That year, he made debuts as guest conductor with the Philadelphia Orchestra at its summer home at Robin Hood Dell, the Welsh National Opera, the San Francisco Opera. From 1965 to 1972 he concurrently taught at the Cleveland Institute of Music. In the summers, he worked at the Meadow Brook School of Music in Michigan and at the Ravinia Festival in Highland Park, the summer home of the Chicago Symphony Orchestra. During that time, the charismatic Levine developed a devoted following of young musicians and music lovers. In June 1971, Levine was called in at the last moment to substitute for István Kertész, to lead the Chicago Symphony Orchestra and Chorus in Mahler's Second Symphony for the Ravinia Festival's opening concert of their 36th season; this concert began a long association with the Chicago Symphony Orchestra. From 1973 to 1993 he was music director of the Ravinia Festival, succeeding the late Kertész, he made numerous recordings with the orchestra, including the symphonies and German Requiem of Johannes Brahms, major works of Gershwin, Berg, Beethoven and others.
In 1990, at the request of Roy E. Disney, he arranged the music and conducted the Chicago Symphony Orchestra and Chorus in the soundtrack of Fantasia 2000, released by Walt Disney Pictures. From 1974 to 1978, Levine served as music director of the Cincinnati May Festival. Levine made his Metropolitan Opera debut at age 28 on June 5, 1971, leading a June Festival performance of Tosca. Following further appearances with the company, he was named principal conductor of the Metropolitan Opera in February 1972, he became the Met's principal conductor in 1973, its music director in 1975. In 1983, he served as conductor and musical director for the Franco Zeffirelli screen adaptation of La Traviata, which featured the Met orchestra and chorus members, he became the company's first artistic director in 1986, relinquished the title in 2004. In 2005, Levine's combined salary from the Boston Symphony Orchestra and the Met made him the highest-paid conductor in the country, at $3.5 million. During Levine's tenure, the Metropolitan Opera orchestra expanded its activities into the realms of recording, separate concert series for the orchestra and chamber ensembles f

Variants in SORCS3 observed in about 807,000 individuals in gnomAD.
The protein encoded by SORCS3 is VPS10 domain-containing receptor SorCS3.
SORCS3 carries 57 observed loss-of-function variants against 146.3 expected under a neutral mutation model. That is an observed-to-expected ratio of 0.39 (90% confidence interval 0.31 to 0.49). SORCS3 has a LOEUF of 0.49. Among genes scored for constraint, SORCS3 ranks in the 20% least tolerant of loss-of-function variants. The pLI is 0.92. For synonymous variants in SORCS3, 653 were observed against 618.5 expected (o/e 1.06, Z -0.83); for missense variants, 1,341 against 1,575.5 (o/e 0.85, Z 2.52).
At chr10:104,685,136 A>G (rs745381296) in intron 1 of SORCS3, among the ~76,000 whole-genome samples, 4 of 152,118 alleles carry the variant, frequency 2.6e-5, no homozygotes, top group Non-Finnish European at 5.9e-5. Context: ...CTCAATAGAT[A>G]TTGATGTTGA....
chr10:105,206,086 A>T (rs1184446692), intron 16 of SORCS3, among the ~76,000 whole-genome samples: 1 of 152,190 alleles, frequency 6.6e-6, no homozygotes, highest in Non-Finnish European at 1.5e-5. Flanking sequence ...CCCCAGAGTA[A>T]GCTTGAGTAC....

Johann Wolfgang von Goethe
Johann Wolfgang Goethe was a German writer and statesman. His works include four novels. In addition, there are numerous literary and scientific fragments, more than 10,000 letters, nearly 3,000 drawings by him extant. A literary celebrity by the age of 25, Goethe was ennobled by the Duke of Saxe-Weimar, Karl August, in 1782 after taking up residence there in November 1775 following the success of his first novel, The Sorrows of Young Werther, he was an early participant in the Sturm und Drang literary movement. During his first ten years in Weimar, Goethe was a member of the Duke's privy council, sat on the war and highway commissions, oversaw the reopening of silver mines in nearby Ilmenau, implemented a series of administrative reforms at the University of Jena, he contributed to the planning of Weimar's botanical park and the rebuilding of its Ducal Palace. In 1998 both these sites together with nine others were designated a UNESCO World Heritage site under the name Classical Weimar. Goethe's first major scientific work, the Metamorphosis of Plants, was published after he returned from a 1788 tour of Italy.
In 1791, he was made managing director of the theatre at Weimar, in 1794 he began a friendship with the dramatist and philosopher Friedrich Schiller, whose plays he premiered until Schiller's death in 1805. During this period, Goethe published Wilhelm Meister's Apprenticeship, his conversations and various common undertakings throughout the 1790s with Schiller, Johann Gottlieb Fichte, Johann Gottfried Herder, Alexander von Humboldt, Wilhelm von Humboldt, August and Friedrich Schlegel have come to be collectively termed Weimar Classicism. The German philosopher Arthur Schopenhauer named Wilhelm Meister's Apprenticeship one of the four greatest novels written, while the American philosopher and essayist Ralph Waldo Emerson selected Goethe as one of six "representative men" in his work of the same name. Goethe's comments and observations form the basis of several biographical works, notably Johann Peter Eckermann's Conversations with Goethe. Goethe's father, Johann Caspar Goethe, lived with his family in a large house in Frankfurt an Imperial Free City of the Holy Roman Empire.